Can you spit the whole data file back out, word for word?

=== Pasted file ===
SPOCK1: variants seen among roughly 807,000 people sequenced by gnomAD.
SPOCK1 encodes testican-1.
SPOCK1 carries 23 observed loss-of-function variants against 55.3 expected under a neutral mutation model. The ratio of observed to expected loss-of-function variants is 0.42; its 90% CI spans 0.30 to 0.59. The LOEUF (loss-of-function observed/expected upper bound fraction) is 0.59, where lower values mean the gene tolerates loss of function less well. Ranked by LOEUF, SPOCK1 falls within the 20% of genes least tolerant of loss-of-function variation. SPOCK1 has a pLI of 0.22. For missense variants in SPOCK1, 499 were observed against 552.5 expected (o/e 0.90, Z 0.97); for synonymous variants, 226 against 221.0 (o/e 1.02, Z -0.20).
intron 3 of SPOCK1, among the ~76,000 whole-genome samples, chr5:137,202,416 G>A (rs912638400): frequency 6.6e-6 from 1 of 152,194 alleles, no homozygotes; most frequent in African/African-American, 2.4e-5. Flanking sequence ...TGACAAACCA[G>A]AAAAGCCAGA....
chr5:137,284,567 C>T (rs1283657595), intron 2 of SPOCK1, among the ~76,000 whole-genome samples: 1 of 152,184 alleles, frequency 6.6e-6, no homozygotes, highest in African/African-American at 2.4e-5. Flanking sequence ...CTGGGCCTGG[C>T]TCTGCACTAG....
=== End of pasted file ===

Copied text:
SPOCK1: variants seen among roughly 807,000 people sequenced by gnomAD.
SPOCK1 encodes testican-1.
SPOCK1 carries 23 observed loss-of-function variants against 55.3 expected under a neutral mutation model. The ratio of observed to expected loss-of-function variants is 0.42; its 90% CI spans 0.30 to 0.59. The LOEUF (loss-of-function observed/expected upper bound fraction) is 0.59, where lower values mean the gene tolerates loss of function less well. Ranked by LOEUF, SPOCK1 falls within the 20% of genes least tolerant of loss-of-function variation. SPOCK1 has a pLI of 0.22. For missense variants in SPOCK1, 499 were observed against 552.5 expected (o/e 0.90, Z 0.97); for synonymous variants, 226 against 221.0 (o/e 1.02, Z -0.20).
intron 3 of SPOCK1, among the ~76,000 whole-genome samples, chr5:137,202,416 G>A (rs912638400): frequency 6.6e-6 from 1 of 152,194 alleles, no homozygotes; most frequent in African/African-American, 2.4e-5. Flanking sequence ...TGACAAACCA[G>A]AAAAGCCAGA....
chr5:137,284,567 C>T (rs1283657595), intron 2 of SPOCK1, among the ~76,000 whole-genome samples: 1 of 152,184 alleles, frequency 6.6e-6, no homozygotes, highest in African/African-American at 2.4e-5. Flanking sequence ...CTGGGCCTGG[C>T]TCTGCACTAG....